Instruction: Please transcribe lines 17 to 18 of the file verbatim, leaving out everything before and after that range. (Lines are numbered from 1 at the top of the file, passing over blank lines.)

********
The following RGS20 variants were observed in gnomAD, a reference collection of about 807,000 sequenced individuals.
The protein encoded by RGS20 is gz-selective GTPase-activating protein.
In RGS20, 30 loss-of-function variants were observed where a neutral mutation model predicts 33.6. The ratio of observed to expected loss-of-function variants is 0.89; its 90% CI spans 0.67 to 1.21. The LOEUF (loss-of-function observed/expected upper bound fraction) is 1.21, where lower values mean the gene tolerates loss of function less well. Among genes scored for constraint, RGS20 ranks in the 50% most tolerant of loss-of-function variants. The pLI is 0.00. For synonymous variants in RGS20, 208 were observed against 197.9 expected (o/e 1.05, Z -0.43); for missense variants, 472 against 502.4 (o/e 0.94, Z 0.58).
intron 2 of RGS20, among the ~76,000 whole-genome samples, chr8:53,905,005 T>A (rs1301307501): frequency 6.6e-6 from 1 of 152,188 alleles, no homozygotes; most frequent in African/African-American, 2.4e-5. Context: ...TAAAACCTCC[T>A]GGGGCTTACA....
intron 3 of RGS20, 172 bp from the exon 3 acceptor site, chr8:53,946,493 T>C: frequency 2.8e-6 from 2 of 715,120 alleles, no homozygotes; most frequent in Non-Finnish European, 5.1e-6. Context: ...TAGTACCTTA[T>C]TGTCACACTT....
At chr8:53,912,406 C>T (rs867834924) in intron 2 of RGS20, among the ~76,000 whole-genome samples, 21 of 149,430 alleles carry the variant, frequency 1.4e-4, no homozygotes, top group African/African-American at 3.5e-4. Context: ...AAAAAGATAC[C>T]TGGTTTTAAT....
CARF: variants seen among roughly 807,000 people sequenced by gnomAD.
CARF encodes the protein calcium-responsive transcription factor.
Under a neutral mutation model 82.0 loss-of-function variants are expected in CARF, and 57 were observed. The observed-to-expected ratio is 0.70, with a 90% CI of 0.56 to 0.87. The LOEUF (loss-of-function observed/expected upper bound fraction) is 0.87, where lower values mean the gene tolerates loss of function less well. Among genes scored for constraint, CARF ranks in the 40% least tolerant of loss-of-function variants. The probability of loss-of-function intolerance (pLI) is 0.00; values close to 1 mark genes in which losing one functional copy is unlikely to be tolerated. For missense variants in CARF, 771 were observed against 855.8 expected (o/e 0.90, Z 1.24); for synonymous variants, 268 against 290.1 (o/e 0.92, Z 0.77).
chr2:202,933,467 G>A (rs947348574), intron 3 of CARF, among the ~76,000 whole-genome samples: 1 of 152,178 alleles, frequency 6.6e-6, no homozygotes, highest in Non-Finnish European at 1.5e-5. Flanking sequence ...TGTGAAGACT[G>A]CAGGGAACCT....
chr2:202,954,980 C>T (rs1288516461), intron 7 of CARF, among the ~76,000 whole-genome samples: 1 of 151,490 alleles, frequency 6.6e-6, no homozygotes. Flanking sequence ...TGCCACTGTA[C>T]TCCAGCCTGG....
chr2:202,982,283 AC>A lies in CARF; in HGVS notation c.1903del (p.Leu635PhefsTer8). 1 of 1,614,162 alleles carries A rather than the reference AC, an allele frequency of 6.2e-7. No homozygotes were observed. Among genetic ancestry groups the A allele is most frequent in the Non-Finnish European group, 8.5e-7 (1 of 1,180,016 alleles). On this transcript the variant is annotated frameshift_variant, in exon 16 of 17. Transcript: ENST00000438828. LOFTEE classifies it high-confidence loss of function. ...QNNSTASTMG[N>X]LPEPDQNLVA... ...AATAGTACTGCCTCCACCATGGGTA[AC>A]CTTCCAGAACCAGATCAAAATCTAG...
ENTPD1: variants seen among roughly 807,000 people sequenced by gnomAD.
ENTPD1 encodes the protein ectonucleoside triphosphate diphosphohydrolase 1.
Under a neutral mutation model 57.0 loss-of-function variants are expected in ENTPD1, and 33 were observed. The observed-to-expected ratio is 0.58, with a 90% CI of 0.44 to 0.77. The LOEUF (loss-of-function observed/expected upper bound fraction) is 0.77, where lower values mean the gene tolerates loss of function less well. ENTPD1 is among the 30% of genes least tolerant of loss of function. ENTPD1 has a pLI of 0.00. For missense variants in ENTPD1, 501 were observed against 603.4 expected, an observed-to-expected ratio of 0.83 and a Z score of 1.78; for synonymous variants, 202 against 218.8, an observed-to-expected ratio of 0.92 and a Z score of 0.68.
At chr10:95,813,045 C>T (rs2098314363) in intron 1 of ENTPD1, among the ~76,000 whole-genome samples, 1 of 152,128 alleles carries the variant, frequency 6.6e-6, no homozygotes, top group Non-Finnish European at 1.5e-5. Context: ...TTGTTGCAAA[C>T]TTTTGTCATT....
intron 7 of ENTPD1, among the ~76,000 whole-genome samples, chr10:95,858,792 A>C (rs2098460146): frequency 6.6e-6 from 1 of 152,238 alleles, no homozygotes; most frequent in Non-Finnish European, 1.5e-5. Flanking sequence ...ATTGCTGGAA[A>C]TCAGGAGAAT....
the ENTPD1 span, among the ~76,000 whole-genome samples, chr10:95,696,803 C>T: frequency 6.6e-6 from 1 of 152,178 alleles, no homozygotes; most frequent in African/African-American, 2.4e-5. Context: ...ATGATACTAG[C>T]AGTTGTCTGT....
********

intron 7 of ENTPD1, among the ~76,000 whole-genome samples, chr10:95,858,792 A>C (rs2098460146): frequency 6.6e-6 from 1 of 152,238 alleles, no homozygotes; most frequent in Non-Finnish European, 1.5e-5. Flanking sequence ...ATTGCTGGAA[A>C]TCAGGAGAAT....
the ENTPD1 span, among the ~76,000 whole-genome samples, chr10:95,696,803 C>T: frequency 6.6e-6 from 1 of 152,178 alleles, no homozygotes; most frequent in African/African-American, 2.4e-5. Context: ...ATGATACTAG[C>T]AGTTGTCTGT....